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Eccentric loading and tendinitis


What is eccentric loading?

Eccentric and concentric are very common terms in the world of biomechanics and exercise. The term eccentric has to do with the lengthening of a muscle. The term concentric, which has to do with the shortening of a muscle. Think of it in terms of lifting a weight, such as in a bicep curl. Whenever you curl the dumbbell you’re performing a concentric movement and the bicep muscle shortens. Conversely, when you lower the dumbbell back down to your side, you’re performing an eccentric movement and the bicep muscle lengthens.

eccentric vs concentric motion

Eccentric vs. concentric movements

According to the American College of Sports Medicine, when performed correctly and safely, eccentric exercise has several benefits including:

  • Improved muscle coordination
  • Improved balance
  • Increased strength in the entire range of motion of each joint
  • Increased strength across a variety of movement speeds
  • Increased muscle power and sport performance
  • Recovery from tendon related injuries

Tendinitis, tendinosis, and tendinopathy

Tendon related injuries are one of the more common injuries that we see and treat in the clinic. The active population and repetitive nature of running and weightlifting take a toll on the tendon when proper recovery methods are not being done. We see a diagnosis of tendinitis (Achilles, patellar, biceps) all the time however what we are really dealing with is a tendinopathy.

People think tendinitis is solely inflammation of the tendon. Research has shown that while the tendon is inflamed, it’s also partially broken down and degraded. This is why it’s often referred to as tendinosis – “osis” meaning degradation of the tendon, instead of “itis” which just means inflammation. The term tendinopathy combines both to mean “disease of the tendon.”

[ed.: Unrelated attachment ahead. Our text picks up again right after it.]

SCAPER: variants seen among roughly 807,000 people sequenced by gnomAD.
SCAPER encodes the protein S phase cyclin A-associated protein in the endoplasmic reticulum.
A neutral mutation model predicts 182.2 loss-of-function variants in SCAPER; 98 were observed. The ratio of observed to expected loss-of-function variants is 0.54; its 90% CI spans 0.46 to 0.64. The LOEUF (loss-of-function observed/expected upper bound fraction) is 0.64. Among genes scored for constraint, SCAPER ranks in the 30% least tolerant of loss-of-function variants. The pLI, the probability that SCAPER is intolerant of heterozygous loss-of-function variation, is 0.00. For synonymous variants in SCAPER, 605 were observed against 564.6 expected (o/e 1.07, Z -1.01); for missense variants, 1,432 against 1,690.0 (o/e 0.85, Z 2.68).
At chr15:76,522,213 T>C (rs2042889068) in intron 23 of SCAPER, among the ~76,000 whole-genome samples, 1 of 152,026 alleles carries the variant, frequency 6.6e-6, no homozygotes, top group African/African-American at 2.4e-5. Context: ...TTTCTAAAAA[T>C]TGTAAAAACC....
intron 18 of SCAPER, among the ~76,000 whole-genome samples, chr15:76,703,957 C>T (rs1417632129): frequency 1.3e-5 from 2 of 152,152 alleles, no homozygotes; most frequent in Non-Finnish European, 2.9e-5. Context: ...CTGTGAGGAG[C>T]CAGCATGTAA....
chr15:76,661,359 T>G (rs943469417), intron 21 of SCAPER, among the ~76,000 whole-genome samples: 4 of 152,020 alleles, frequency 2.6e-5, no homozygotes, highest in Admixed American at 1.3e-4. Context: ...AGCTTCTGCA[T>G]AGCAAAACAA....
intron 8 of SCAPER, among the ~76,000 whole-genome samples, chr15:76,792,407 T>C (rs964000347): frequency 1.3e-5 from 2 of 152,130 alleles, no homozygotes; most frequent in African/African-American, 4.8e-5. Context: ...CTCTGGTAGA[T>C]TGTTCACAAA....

Eccentric loading and tendon repair

With a tendon injury we combine various manual therapy techniques as well as eccentric loading exercises. The manual therapy techniques are used to stimulate cell activity in a tendon and to increase blood flow to the area. Some of those manual therapy techniques include: dry needling, active release technique, instrument-assisted soft tissue manipulation, and band flossing. The techniques all work to let your body know that the tendon is in need of a little TLC and to repair the damaged tissue by promoting blood flow and decreasing tension.

Too much load or too much speed is one way the tendon got broken down. To repair it you must start with slow tempo exercises. Numerous studies have shown that eccentric-only protocols and heavy, slow concentric/eccentric protocols work to repair the damaged tendon. Make sure when incoorporting eccentric exercises that you are listening to your body. Pain doesn’t always equal harm. Feeling pain up to a 5 on a scale of 1-10 is okay during the strength exercises. Studies show that when researchers have patients push through pain, the tendon will supercompensate overnight. This increases healing. But if you have increased pain 24 hours later that’s a sign that you should back off a bit.

The Behm Muscle & Joint Clinic approach to tendinopathy
Its important to know that tendons are slow healers. It takes months, not weeks, to get them fully healed. Old school methods of R.I.C.E. (Rest, ice, compress, and elevate) or even passive therapies such as ultrasound and tens may provide temporary pain relief but if you are looking for long term tendon repair specific eccentric loading exercises combined with some of our other services (dry needling, active release technique, graston, and band flossing) will insure the tendon repairs fully and you return to you full activities of daily living. If you or someone you know is dealing with a tendinopathy do not hesitate to give us a call at 402-292-1450 or schedule a consultation online.

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